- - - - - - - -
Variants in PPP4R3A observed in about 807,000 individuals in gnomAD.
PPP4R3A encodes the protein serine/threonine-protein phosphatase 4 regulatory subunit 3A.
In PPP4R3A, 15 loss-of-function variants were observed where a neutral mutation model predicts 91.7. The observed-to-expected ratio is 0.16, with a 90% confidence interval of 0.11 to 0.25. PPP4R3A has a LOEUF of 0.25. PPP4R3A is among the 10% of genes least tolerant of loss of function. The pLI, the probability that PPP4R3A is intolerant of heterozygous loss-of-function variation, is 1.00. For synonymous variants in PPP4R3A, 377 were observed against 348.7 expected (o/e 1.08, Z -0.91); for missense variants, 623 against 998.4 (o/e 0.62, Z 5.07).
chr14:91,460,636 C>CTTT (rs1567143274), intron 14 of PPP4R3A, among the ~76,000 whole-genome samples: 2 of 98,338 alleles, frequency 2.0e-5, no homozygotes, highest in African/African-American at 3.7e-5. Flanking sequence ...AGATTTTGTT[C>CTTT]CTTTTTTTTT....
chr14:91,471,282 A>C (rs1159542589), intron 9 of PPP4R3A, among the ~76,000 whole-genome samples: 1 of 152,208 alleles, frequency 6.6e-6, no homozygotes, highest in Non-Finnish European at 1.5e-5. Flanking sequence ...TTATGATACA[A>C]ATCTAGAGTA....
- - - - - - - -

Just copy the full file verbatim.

Variants in PPP4R3A observed in about 807,000 individuals in gnomAD.
PPP4R3A encodes the protein serine/threonine-protein phosphatase 4 regulatory subunit 3A.
In PPP4R3A, 15 loss-of-function variants were observed where a neutral mutation model predicts 91.7. The observed-to-expected ratio is 0.16, with a 90% confidence interval of 0.11 to 0.25. PPP4R3A has a LOEUF of 0.25. PPP4R3A is among the 10% of genes least tolerant of loss of function. The pLI, the probability that PPP4R3A is intolerant of heterozygous loss-of-function variation, is 1.00. For synonymous variants in PPP4R3A, 377 were observed against 348.7 expected (o/e 1.08, Z -0.91); for missense variants, 623 against 998.4 (o/e 0.62, Z 5.07).
chr14:91,460,636 C>CTTT (rs1567143274), intron 14 of PPP4R3A, among the ~76,000 whole-genome samples: 2 of 98,338 alleles, frequency 2.0e-5, no homozygotes, highest in African/African-American at 3.7e-5. Flanking sequence ...AGATTTTGTT[C>CTTT]CTTTTTTTTT....
chr14:91,471,282 A>C (rs1159542589), intron 9 of PPP4R3A, among the ~76,000 whole-genome samples: 1 of 152,208 alleles, frequency 6.6e-6, no homozygotes, highest in Non-Finnish European at 1.5e-5. Flanking sequence ...TTATGATACA[A>C]ATCTAGAGTA....